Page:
Are the training sets pulled exclusively from the English-language web? Do Midjourney et al. accept prompts in languages other than English?

No and yes-ish, respectively. The models are statistical representations of the text they were trained on, not the language per se, and that text may or may not have been filtered for specific languages (see also: my consistent drum-beating on the importance of open training sets). Here's an example of how Midjourney handles 16 different languages - quite well for most Latin-derived European languages and Japanese, a surprisingly weak performance for Chinese (palpably missing "dog" in both simplified and traditional) at about the level of Haitian creole. Other Asiatic languages (nevermind African, Oceania, etc) were nearly a complete miss - it's picking up the "köpek" from Turkish, barely.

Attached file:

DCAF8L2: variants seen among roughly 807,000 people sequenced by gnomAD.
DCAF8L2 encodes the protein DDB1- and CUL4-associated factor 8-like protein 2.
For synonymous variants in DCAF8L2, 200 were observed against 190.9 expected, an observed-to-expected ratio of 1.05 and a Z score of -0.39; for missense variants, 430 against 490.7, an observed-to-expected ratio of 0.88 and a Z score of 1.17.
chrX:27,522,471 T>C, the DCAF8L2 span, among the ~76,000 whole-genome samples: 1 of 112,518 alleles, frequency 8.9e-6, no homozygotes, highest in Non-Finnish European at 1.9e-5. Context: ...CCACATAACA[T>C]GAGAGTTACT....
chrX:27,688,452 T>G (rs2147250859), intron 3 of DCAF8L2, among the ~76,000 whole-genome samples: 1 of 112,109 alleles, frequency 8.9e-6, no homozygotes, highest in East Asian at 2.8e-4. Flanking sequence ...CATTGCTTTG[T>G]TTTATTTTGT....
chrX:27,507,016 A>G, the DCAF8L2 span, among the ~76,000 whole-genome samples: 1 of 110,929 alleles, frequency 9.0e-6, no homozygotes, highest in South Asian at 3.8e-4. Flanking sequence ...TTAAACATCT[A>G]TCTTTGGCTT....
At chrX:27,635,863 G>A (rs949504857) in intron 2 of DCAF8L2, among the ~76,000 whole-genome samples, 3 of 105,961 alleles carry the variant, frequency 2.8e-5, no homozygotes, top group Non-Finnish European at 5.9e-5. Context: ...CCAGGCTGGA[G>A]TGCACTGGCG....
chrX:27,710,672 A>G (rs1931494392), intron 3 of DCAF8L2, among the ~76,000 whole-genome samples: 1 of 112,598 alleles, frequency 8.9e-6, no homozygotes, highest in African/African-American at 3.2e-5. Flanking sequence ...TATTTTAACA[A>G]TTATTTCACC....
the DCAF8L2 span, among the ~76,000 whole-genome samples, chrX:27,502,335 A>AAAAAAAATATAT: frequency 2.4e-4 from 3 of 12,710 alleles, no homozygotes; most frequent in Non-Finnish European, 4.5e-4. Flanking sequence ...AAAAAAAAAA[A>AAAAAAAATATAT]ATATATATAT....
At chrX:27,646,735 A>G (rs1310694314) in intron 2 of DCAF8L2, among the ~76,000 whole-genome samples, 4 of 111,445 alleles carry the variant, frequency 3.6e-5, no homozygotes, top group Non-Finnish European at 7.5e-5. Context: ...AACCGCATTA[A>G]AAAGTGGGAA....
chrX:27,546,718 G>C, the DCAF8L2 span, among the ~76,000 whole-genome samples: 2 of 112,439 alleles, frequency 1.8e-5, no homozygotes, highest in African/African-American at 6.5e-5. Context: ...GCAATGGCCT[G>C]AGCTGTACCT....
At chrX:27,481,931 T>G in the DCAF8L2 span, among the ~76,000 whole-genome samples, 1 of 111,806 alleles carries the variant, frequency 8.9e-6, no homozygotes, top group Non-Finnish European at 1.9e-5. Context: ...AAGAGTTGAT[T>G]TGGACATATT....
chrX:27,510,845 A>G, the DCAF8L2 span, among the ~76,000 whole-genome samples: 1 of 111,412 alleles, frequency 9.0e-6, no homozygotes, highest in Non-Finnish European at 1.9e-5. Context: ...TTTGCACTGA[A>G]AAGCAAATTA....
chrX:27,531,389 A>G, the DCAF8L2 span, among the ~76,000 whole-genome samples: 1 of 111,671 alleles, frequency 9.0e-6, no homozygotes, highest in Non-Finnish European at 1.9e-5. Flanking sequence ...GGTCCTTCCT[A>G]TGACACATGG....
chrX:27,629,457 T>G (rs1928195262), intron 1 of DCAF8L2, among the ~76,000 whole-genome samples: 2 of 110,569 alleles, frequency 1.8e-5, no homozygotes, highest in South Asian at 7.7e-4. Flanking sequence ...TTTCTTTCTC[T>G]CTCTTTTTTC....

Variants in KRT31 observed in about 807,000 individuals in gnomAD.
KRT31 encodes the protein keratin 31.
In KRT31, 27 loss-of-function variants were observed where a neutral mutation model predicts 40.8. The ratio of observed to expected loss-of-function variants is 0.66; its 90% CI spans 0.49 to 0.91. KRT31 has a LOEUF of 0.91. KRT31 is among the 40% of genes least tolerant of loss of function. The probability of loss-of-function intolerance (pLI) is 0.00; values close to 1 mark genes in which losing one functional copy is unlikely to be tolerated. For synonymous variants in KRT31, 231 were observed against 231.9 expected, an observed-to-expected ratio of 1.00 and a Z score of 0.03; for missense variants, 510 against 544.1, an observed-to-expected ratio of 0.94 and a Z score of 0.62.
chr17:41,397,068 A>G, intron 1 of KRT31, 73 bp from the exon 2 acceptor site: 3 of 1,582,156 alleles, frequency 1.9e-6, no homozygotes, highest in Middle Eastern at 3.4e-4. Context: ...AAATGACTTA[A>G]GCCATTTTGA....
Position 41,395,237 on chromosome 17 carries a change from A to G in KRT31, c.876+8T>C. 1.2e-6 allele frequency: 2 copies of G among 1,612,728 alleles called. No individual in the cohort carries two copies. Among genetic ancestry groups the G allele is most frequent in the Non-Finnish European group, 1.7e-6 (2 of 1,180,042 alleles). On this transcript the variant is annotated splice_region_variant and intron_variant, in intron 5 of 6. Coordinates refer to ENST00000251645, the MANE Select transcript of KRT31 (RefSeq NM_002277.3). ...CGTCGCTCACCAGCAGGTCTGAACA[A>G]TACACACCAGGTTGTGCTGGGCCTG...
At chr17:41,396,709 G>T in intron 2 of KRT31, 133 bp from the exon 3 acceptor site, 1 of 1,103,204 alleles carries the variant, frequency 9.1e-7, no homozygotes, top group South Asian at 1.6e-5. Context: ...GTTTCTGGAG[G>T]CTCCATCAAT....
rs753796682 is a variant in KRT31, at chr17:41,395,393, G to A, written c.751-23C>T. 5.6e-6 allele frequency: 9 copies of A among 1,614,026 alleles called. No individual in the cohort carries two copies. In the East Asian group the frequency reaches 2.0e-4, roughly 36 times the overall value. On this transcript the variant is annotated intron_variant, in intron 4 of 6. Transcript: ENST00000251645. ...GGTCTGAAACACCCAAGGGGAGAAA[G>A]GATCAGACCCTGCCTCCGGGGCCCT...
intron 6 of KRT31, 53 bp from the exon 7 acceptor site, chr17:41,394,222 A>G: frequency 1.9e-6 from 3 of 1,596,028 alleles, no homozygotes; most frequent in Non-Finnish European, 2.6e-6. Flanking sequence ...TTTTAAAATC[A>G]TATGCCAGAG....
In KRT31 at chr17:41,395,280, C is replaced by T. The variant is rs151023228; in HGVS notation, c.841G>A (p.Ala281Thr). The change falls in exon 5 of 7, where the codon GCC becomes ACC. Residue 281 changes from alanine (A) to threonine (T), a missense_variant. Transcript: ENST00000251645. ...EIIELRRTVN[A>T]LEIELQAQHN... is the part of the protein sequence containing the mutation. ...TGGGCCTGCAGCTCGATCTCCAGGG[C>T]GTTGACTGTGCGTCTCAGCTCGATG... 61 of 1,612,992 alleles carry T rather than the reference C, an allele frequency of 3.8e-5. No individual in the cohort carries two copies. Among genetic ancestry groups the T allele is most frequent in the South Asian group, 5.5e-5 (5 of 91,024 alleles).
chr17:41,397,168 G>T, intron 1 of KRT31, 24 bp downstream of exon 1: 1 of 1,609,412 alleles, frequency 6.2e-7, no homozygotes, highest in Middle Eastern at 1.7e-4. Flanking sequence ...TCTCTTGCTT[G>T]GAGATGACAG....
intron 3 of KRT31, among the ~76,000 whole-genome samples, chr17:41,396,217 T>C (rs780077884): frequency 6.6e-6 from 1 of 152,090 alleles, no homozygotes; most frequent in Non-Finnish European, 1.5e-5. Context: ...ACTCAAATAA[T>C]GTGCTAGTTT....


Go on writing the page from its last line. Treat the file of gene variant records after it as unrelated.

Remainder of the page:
For open source text generation models over at HuggingFace you can filter by language and there are a large number of options. For text-to-image most of what you get outside of English are Stable Diffusion LoRAs and checkpoints that were specifically fine-tuned on a language other than English.

The vast majority of research in the field is in either English or Chinese, and the state of the art models will perform best in those two. In general output will reflect both that reality and whatever percent of the freely-accessible text on the Internet uses a particular language. This is, again, why diversity in research groups is incredibly important right now: we are watching the foundations for future linguistic gatekeeping being laid in real time.